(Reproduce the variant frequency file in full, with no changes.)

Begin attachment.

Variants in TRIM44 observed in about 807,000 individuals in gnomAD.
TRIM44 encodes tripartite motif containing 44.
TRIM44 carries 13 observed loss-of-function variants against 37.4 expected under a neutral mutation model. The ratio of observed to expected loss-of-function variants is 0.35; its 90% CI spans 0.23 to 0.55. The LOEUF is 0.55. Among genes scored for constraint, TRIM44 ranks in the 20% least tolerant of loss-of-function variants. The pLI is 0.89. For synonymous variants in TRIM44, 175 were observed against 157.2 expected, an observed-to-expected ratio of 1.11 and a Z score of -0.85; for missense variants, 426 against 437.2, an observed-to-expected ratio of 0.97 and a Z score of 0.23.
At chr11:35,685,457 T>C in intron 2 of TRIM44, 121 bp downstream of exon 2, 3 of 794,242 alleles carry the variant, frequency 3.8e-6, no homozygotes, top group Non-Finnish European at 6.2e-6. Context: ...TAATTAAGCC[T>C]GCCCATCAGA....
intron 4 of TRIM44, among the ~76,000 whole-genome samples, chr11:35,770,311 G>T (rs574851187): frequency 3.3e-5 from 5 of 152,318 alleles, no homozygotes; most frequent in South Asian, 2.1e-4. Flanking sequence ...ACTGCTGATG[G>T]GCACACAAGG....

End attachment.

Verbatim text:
Variants in TRIM44 observed in about 807,000 individuals in gnomAD.
TRIM44 encodes tripartite motif containing 44.
TRIM44 carries 13 observed loss-of-function variants against 37.4 expected under a neutral mutation model. The ratio of observed to expected loss-of-function variants is 0.35; its 90% CI spans 0.23 to 0.55. The LOEUF is 0.55. Among genes scored for constraint, TRIM44 ranks in the 20% least tolerant of loss-of-function variants. The pLI is 0.89. For synonymous variants in TRIM44, 175 were observed against 157.2 expected, an observed-to-expected ratio of 1.11 and a Z score of -0.85; for missense variants, 426 against 437.2, an observed-to-expected ratio of 0.97 and a Z score of 0.23.
At chr11:35,685,457 T>C in intron 2 of TRIM44, 121 bp downstream of exon 2, 3 of 794,242 alleles carry the variant, frequency 3.8e-6, no homozygotes, top group Non-Finnish European at 6.2e-6. Context: ...TAATTAAGCC[T>C]GCCCATCAGA....
intron 4 of TRIM44, among the ~76,000 whole-genome samples, chr11:35,770,311 G>T (rs574851187): frequency 3.3e-5 from 5 of 152,318 alleles, no homozygotes; most frequent in South Asian, 2.1e-4. Flanking sequence ...ACTGCTGATG[G>T]GCACACAAGG....